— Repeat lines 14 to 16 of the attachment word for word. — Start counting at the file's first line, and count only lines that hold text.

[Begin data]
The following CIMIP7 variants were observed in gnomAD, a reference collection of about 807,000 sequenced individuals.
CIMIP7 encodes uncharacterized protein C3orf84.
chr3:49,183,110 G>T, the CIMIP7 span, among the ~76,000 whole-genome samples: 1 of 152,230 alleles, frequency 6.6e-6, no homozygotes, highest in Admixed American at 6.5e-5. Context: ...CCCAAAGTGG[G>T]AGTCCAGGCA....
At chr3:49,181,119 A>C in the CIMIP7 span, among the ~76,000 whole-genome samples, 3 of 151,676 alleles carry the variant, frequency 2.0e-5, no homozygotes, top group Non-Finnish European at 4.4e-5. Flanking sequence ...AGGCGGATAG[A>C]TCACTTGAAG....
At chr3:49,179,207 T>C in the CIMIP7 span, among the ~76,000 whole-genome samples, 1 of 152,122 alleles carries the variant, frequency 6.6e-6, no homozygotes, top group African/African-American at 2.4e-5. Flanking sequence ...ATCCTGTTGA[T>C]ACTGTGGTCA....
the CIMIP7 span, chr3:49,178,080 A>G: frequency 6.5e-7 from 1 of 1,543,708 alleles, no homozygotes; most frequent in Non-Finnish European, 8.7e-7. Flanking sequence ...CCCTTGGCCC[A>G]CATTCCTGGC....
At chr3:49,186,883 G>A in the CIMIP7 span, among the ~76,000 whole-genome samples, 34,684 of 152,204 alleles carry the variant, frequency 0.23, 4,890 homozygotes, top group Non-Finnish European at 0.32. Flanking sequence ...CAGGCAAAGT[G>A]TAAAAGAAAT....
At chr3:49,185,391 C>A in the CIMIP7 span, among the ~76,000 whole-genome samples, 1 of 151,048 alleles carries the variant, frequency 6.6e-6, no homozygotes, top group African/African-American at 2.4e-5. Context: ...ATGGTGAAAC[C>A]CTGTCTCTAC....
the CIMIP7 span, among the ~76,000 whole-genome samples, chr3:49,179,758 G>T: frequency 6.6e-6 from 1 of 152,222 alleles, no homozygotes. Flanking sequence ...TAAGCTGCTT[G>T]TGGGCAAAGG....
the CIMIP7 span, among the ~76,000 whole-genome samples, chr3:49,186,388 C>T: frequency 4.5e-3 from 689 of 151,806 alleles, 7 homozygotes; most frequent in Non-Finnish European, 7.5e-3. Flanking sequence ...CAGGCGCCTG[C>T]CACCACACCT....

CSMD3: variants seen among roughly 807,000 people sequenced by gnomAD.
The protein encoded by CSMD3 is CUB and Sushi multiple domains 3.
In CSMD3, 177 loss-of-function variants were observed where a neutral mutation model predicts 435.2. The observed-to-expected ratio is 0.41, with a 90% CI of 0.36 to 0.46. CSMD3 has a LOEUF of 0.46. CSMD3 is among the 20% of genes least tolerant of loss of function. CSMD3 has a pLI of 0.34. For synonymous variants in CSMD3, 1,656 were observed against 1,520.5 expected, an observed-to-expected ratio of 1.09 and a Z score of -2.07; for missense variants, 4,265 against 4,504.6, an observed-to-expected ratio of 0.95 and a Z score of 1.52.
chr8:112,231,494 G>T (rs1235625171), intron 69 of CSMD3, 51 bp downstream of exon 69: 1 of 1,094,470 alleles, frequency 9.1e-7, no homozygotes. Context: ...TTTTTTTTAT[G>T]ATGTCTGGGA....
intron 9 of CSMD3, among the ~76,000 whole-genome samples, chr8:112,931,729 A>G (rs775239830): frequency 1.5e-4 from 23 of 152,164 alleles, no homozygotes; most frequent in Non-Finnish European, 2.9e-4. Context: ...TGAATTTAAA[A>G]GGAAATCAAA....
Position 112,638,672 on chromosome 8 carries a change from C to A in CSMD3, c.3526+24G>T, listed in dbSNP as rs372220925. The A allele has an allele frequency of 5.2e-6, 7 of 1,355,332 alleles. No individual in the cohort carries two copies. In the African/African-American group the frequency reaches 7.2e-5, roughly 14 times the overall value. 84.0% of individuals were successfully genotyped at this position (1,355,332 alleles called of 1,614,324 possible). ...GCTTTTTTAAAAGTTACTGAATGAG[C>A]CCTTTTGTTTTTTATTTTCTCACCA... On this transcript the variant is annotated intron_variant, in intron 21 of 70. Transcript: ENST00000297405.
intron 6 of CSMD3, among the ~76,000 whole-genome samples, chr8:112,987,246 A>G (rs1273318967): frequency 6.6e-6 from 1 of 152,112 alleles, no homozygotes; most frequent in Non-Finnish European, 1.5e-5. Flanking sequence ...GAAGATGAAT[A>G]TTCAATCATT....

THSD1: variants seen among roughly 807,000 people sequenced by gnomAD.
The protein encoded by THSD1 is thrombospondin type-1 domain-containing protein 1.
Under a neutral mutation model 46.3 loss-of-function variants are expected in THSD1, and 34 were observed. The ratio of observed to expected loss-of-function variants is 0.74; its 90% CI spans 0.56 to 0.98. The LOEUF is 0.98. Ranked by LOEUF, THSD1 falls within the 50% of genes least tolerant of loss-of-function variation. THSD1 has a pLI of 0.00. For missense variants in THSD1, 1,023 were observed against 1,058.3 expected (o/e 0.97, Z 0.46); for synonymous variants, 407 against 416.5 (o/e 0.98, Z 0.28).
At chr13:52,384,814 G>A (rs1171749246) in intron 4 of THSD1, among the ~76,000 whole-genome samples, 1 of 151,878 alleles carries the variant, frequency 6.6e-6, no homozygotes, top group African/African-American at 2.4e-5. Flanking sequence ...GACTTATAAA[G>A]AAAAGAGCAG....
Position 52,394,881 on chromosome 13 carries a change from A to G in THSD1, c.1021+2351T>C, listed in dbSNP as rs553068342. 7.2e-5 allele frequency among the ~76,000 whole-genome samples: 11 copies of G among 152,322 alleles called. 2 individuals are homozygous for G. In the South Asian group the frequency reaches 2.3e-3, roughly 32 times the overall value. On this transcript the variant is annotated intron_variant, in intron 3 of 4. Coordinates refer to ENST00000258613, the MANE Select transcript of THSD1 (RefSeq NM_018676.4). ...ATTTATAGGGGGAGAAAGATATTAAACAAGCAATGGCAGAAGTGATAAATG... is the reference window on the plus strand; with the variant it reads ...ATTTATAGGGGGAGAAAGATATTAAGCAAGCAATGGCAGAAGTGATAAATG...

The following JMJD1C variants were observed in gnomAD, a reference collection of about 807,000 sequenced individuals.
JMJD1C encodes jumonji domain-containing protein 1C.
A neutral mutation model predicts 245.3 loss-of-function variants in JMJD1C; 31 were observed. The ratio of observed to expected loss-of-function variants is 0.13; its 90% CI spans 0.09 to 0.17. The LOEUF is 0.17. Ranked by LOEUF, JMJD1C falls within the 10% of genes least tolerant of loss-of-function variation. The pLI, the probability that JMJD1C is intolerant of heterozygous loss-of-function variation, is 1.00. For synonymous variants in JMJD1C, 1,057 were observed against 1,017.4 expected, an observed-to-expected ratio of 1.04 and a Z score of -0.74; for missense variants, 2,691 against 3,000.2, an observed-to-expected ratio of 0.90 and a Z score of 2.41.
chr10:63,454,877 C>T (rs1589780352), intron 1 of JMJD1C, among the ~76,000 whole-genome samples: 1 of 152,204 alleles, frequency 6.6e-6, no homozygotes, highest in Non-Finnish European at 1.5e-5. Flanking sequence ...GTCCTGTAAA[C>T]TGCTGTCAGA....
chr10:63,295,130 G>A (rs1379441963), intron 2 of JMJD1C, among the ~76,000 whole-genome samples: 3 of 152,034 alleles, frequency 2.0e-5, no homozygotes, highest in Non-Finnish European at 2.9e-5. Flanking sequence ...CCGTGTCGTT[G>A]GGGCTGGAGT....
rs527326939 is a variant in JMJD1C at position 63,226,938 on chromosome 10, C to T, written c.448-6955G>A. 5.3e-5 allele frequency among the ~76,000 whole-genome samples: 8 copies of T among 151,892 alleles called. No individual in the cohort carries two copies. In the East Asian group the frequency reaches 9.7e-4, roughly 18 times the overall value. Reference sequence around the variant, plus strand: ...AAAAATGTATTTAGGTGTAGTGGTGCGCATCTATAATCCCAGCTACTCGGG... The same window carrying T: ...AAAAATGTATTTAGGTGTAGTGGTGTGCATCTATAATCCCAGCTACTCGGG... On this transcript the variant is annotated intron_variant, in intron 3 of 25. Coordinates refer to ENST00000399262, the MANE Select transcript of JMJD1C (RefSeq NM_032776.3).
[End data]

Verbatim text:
chr8:112,231,494 G>T (rs1235625171), intron 69 of CSMD3, 51 bp downstream of exon 69: 1 of 1,094,470 alleles, frequency 9.1e-7, no homozygotes. Context: ...TTTTTTTTAT[G>T]ATGTCTGGGA....
intron 9 of CSMD3, among the ~76,000 whole-genome samples, chr8:112,931,729 A>G (rs775239830): frequency 1.5e-4 from 23 of 152,164 alleles, no homozygotes; most frequent in Non-Finnish European, 2.9e-4. Context: ...TGAATTTAAA[A>G]GGAAATCAAA....
Position 112,638,672 on chromosome 8 carries a change from C to A in CSMD3, c.3526+24G>T, listed in dbSNP as rs372220925. The A allele has an allele frequency of 5.2e-6, 7 of 1,355,332 alleles. No individual in the cohort carries two copies. In the African/African-American group the frequency reaches 7.2e-5, roughly 14 times the overall value. 84.0% of individuals were successfully genotyped at this position (1,355,332 alleles called of 1,614,324 possible). ...GCTTTTTTAAAAGTTACTGAATGAG[C>A]CCTTTTGTTTTTTATTTTCTCACCA... On this transcript the variant is annotated intron_variant, in intron 21 of 70. Transcript: ENST00000297405.